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REPORT ON LDRC

For a change of pace, instead of talking about ourselves, we thought we would start this April’s newsletter with our first and perhaps only LDRC Quote of the Year.

It comes to us courtesy of colleague Chuck Doran of Mediation Works Incorporated (MWI), who brought us a story from Reuters.com, under the March 25, 2014 byline of Suzanne Barlyn: “Wall St arbitrator booted for fake credentials heard nearly 40 cases”. Ms. Barlyn tells of the Financial Industry Regulatory Board’s (FINRA) dismissal of a veteran California arbitrator for misrepresentation, namely, that he is a lawyer and a member “of the bar in several states”, when he was none of the above.

After denying FINRA’s allegations, the defrocked arbitrator later admitted to Reuters that he was never licensed to practice law in New York or Florida. Asked why he had lied about the Florida license, he said:

“It’s a damn good question and one that I’m having trouble with.”

Without a tinge of irony apparent, FNRA, the guardian of mandatory arbitration between the wolves of Wall Street and its consumers, declined comment on whether it had disclosed this news to the 38 unfortunate sets of parties whose financial disputes had been determined by their imposter. If Reuters asked FNRA why it declined comment, do you think they would have been so eloquent as he?

We at LDRC swear that we actually are lawyers and members of the Massachusetts bar. You could look it up! (We have the certificates. They’re just not hanging on our walls.)

And, with that sort of light note, we welcome you to our April 2014 newsletter. We tackle three important issues today, with two guest contributions.

-- Your tax horse may already be out of the barn since we are deep into April, but our friendly CPA Rich Streitfeld (who actually likes to call himself the “Zen Mensch”), gives a light touch to a serious topic: “Is Sex Therapy Deductible?” We like Rich’s succinct style and we expect to follow on with equally catchy titles in future newletters.

-- Next, attorney Claire McGorrian, who is senior staff attorney and Director of the Commercial Insurance Appeals Program at Health Law Advocates (HLA) offers “Health Insurance and Divorce in the Age of “ObamaCare”, an original piece for LDRC for which we are incredibly grateful. You may want to look back at out blog, after reading this one, as we have been exploring various aspects of heath insurance in the context of existing divorce statutes a lot lately.

-- Finally, we have been “all alimony all the time” on our blog lately; and here we present our recent entry, “SJC to Payors: No Credit for Time Served”, which is also a gateway into our blog. Please feel free to subscribe and you will get it in your inbox twice monthly, usually on Wednesdays.

And, if you enjoy reading our guest contributors, don’t be shy. Send in your submissions on anything that you think will be interesting and/or entertaining to our readers, to wmlevine@levinedisputeresolution.com. Authorized re-prints are welcome.

Enjoy the read and have an easy spring.

Chouteau and Bill

Health Insurance and Divorce in the Age of Obamacare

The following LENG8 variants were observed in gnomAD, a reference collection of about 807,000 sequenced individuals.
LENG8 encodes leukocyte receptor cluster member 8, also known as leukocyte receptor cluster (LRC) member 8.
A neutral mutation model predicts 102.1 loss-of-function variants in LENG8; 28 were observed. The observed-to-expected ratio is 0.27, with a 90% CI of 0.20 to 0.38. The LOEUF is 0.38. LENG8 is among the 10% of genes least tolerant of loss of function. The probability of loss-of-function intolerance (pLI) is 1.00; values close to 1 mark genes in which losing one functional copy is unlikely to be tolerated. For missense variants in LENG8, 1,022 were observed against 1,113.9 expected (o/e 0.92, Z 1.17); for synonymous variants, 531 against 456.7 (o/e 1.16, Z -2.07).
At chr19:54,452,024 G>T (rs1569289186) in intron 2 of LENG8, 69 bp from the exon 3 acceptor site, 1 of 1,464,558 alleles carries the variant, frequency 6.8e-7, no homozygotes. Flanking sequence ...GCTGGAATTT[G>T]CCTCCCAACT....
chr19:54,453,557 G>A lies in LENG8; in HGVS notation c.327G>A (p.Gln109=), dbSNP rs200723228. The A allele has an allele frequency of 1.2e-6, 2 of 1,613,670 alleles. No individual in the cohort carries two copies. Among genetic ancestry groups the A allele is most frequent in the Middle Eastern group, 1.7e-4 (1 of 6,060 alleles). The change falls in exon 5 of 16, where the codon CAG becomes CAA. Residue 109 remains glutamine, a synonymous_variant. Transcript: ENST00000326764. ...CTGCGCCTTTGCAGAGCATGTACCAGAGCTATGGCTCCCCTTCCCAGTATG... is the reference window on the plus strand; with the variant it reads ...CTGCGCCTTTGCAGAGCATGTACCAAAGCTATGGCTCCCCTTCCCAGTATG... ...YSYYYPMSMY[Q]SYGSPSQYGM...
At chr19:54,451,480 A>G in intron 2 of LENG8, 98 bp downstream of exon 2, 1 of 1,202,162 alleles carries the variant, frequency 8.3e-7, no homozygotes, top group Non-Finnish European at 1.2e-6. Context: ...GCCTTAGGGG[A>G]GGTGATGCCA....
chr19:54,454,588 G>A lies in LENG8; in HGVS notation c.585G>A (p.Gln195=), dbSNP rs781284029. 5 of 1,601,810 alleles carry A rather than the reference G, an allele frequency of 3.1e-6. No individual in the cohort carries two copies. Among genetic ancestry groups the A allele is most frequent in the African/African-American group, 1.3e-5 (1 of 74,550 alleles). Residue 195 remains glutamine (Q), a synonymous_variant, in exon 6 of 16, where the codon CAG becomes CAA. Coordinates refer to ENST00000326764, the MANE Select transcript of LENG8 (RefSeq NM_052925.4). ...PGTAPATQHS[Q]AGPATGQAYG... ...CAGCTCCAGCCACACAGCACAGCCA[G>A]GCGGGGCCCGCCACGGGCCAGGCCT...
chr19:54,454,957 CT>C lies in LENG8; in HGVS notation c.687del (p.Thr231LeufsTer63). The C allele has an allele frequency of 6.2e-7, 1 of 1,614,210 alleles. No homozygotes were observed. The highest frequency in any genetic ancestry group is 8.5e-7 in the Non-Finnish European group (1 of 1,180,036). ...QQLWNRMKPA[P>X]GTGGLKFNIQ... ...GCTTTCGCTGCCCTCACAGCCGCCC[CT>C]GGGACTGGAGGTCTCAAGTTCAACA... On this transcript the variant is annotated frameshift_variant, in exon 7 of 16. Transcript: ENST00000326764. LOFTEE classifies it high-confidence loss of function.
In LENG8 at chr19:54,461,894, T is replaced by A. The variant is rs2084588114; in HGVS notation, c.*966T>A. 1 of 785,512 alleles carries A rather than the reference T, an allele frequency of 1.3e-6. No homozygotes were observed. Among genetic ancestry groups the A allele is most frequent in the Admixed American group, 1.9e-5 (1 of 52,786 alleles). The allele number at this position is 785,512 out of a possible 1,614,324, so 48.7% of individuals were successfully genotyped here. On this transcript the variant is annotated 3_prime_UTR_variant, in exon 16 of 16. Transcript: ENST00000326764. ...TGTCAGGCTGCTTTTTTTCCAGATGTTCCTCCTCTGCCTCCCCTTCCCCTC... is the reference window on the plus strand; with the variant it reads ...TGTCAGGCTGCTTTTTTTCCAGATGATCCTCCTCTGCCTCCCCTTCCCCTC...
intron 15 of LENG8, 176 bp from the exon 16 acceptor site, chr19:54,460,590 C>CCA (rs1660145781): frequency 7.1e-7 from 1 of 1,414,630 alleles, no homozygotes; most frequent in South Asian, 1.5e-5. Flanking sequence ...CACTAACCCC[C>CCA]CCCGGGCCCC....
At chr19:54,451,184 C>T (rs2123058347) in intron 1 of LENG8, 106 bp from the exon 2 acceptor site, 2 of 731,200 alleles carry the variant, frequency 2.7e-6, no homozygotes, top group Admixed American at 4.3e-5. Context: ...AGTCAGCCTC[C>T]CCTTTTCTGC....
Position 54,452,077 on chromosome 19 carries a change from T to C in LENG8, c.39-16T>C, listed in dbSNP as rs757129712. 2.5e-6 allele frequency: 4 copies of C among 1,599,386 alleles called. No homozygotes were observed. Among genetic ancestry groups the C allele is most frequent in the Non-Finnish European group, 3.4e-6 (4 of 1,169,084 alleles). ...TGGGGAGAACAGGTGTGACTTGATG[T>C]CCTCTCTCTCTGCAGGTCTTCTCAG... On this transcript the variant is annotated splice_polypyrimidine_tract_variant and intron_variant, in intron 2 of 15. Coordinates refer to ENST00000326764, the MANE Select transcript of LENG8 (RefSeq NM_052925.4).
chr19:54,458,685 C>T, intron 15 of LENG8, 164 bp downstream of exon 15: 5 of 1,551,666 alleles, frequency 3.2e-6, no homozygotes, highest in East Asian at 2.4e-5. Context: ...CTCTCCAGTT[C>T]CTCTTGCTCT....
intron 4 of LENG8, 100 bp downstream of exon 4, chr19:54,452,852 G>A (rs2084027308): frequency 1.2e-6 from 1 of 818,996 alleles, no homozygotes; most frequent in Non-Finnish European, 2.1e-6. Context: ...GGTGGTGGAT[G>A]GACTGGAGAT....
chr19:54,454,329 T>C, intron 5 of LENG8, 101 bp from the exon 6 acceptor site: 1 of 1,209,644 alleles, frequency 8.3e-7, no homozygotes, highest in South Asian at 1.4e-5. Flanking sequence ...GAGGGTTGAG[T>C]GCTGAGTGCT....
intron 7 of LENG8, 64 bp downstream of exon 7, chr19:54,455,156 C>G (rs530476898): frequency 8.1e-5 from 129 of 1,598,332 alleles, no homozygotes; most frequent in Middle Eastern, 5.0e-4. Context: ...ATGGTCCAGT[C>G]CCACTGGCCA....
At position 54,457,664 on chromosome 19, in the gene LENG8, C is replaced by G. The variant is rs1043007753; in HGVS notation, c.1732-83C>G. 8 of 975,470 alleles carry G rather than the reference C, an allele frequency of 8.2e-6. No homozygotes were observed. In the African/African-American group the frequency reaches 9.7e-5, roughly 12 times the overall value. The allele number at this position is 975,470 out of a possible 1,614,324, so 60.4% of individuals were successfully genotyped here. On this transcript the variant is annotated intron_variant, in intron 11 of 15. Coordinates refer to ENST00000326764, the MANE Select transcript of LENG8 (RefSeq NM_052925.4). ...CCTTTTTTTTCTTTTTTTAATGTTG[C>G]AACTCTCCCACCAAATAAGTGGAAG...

By: Clare D. McGorrian, Esq.

Maintenance of health insurance coverage can be challenging after a divorce. Recent federal health reforms may expand the options available but may also make the insurance landscape more complicated. This article is intended to help family lawyers and mediators help clients to maximize access to health coverage after divorce in the age of “Obamacare.” read more...


Is Sex Therapy Tax Deductible?

By: Rich Streitfeld CPA

I get asked this a lot.

Actually, yes -- as long it is doctor-prescribed. (The lodging is on your own.)

Clarinet lessons -- Deductible "if advised by dentist for treatment of tooth defects". (But tooth whitening to reverse discoloration -- nope, this is cosmetic.) read more...

S.J.C. To Alimony Payors: No Credit for Time Served

LDRC Blog

Finally, the first precedential appellate case on the Massachusetts Alimony Reform Act (eff. 3/1/12) has emerged under the name of Holmes v. Holmes (April 2, 2014). The issue addressed is whether or not the payor of alimony under “temporary orders” of the court (payments by agreement or judge-made decision during the pendency of a divorce case) is entitled to “credit” for those payments against what the Massachusetts Supreme Judicial Court (SJC) has now named “maximum presumptive duration” of general term alimony. The answer is “no”.

In reaching this conclusion, the court reasoned that temporary alimony orders arise from a different statute altogether (M.G.L., chapter 208, section 17) and that the context of the new statute is fully about divorce and modification judgments. The SJC emphasized the maximum in the presumption of duration and left it to Probate Court judges to consider case-by-case whether the matter was “unusually long” or “unfairly delayed… [by the alimony recipient] in an attempt to prolong the payment of alimony…”

Lawyers joked when the new alimony law became public that it was the “lawyer’s full employment act”. This first “reported” case support’s the bar’s prediction.

While we do not quarrel with the legal analysis of the decision, compare its impact with ta contrary result. If the SJC has said “yes”, then everyone would know, going forward, that their temporary orders would “count” against the duration of alimony. read more...


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